Emotion Measurement Is the New Black

Emotion measurement

Emotion measurement can benefit people in many areas, including clinical research, nonverbal communication for nonspeaking people, robotics research, self-awareness enhancement, usability, virtual reality research, and even surveillance. The benefits for the marketing industry, including advertising and public relations, are obvious.

With government backing Affectiva might be the next big thing we’ve all been waiting for, at least in innovation technology. For marketers and public relations experts, Affectiva’s technology is a break through.

Originally developed by two Massachusetts Institute of Technology (MIT) Media Lab scientists to help people on the autism spectrum better understand emotion, Affectiva’s technology, Affdex, can also be used to study emotional responses of consumers as they try out new products or try new business software. It can be used for testing and usability feedback, sales promotion, product design, advertising, and much more.

This is how Affdex works: the technology provides opt-in, video-based, facial expression recognition, which identifies whether a customer is smiling, looking interested or distracted and looking at or away from a screen. For example, volunteers in a test center agree to have their reactions videoed as they try prototypes of a new product and competitors’ products, and Affdex analyzes their facial expressions, making it easier for researchers to identify significant reactions. Affdex delivers data in timeline charts with event markers, so it is relatively easy to locate and analyze significant responses.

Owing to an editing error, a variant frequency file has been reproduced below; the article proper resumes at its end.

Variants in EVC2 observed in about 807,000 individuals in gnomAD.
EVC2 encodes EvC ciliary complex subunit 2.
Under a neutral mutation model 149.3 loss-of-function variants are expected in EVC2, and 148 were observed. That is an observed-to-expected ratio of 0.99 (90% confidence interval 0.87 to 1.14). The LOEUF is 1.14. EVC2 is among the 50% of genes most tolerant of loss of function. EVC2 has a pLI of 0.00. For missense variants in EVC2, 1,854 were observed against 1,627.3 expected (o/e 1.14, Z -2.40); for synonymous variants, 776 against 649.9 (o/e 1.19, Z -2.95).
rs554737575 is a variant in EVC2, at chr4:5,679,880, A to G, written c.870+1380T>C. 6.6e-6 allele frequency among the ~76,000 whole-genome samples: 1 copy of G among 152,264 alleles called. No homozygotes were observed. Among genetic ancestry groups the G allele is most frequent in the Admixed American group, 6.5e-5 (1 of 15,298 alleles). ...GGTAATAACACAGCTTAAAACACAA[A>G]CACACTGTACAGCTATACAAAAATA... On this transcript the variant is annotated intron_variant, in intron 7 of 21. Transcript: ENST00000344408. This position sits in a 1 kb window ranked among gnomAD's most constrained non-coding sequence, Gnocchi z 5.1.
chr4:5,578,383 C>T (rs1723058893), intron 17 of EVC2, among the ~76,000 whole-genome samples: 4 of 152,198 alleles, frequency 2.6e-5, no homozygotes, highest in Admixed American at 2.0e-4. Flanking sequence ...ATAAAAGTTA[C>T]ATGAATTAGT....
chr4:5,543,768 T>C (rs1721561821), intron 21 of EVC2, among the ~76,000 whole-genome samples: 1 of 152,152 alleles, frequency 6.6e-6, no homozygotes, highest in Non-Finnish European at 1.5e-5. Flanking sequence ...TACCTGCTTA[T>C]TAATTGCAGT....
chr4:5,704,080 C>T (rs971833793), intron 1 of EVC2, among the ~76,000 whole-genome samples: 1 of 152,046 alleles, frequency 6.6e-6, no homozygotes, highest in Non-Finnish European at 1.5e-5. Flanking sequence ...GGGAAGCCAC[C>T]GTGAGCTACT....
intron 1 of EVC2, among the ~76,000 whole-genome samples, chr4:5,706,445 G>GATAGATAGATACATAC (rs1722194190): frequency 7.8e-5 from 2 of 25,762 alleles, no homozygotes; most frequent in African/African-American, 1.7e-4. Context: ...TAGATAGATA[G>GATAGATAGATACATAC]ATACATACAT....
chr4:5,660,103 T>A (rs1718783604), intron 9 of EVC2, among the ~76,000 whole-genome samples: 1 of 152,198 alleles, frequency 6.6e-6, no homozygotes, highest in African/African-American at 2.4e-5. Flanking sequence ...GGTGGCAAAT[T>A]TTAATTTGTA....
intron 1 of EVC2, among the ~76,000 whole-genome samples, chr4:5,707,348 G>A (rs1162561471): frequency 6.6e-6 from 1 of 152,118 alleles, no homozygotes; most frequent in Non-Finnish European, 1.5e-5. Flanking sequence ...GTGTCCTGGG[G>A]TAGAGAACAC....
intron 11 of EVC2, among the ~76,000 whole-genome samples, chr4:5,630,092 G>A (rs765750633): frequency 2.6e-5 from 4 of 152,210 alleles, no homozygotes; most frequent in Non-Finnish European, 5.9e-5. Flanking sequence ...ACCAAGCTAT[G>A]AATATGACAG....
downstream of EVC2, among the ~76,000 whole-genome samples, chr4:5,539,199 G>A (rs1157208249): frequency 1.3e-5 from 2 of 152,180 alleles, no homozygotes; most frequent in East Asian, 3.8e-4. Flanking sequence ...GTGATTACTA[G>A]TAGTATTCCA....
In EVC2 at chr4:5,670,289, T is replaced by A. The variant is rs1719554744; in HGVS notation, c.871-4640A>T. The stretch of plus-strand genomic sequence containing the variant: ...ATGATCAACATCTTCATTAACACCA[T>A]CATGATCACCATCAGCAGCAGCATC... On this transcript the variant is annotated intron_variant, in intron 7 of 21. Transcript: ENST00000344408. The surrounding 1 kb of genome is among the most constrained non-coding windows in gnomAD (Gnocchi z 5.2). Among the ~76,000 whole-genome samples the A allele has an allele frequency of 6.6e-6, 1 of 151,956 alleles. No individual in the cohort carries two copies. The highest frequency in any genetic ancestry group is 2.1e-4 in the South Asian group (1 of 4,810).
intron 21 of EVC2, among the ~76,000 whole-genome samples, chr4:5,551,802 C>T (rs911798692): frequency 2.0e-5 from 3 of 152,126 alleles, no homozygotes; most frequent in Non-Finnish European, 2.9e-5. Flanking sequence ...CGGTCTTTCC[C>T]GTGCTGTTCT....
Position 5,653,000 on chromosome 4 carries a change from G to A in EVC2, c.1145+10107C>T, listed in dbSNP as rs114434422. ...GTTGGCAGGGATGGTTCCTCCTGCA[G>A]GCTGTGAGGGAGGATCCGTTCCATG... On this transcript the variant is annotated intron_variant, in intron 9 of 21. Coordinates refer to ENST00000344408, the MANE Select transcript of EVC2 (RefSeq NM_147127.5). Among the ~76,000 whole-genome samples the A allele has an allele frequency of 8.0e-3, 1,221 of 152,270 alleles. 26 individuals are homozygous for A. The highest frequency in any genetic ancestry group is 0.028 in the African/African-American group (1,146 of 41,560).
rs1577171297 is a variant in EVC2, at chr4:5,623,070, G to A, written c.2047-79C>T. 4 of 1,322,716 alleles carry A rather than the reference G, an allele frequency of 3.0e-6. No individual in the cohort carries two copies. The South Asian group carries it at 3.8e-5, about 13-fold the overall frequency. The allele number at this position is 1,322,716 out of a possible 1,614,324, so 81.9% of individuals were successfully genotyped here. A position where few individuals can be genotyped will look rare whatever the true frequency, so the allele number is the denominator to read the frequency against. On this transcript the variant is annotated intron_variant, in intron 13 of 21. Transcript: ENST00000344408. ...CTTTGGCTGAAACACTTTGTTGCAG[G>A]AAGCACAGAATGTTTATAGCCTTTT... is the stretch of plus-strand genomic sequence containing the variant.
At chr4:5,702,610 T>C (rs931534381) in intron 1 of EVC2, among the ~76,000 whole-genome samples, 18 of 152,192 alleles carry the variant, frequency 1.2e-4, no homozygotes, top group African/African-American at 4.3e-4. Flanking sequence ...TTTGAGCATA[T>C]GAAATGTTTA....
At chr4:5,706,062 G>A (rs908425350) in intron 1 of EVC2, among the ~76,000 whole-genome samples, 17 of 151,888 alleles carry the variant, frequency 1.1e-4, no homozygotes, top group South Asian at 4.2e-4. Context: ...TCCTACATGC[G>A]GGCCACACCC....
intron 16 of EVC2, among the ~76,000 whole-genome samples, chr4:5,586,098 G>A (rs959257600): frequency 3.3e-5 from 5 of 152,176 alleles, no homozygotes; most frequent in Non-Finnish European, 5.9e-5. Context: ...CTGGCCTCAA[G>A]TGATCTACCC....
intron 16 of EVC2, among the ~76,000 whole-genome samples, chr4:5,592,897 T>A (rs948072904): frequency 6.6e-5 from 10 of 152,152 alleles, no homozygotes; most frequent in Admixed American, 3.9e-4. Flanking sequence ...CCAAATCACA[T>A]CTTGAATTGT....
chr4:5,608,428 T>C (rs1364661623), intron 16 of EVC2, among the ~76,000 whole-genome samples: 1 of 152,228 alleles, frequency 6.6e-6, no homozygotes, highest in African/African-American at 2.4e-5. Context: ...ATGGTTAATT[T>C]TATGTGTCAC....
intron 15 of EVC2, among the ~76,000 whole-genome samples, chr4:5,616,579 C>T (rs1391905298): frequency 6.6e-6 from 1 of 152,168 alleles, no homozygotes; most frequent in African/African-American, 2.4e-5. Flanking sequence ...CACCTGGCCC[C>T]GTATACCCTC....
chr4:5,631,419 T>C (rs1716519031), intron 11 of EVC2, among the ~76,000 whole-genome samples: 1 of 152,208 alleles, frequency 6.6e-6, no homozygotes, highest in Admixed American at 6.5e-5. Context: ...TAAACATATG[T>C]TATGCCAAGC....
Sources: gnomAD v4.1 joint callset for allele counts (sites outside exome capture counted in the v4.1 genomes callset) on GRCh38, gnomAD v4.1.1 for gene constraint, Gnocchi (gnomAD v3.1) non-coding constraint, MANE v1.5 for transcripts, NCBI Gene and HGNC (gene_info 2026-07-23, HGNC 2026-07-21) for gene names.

Basically, Affdex is a computer based body language reader, only somehow restricted to recognizing facial expressions. It is more accurate than you’d expect:

 Affectiva facial expression recognition

The New York Times demonstrates how technology invented at M.I.T and commercialized by Affectiva uses facial expression recognition to read a smile.

The startup announced that it has won a $150,000 National Science Foundation (NSF) grant to develop an online version of its technology that enables computers to recognize human expressions and deduce emotional and cognitive states.The grant will fund a six-month project to move Affdex to an Internet cloud platform. Soon, the technology will become available for online market research, and early adopters will definitely have an advantage of competitors. Imagine being able to test customer reactions before launching a campaign globally – I see here significant cost cuts.

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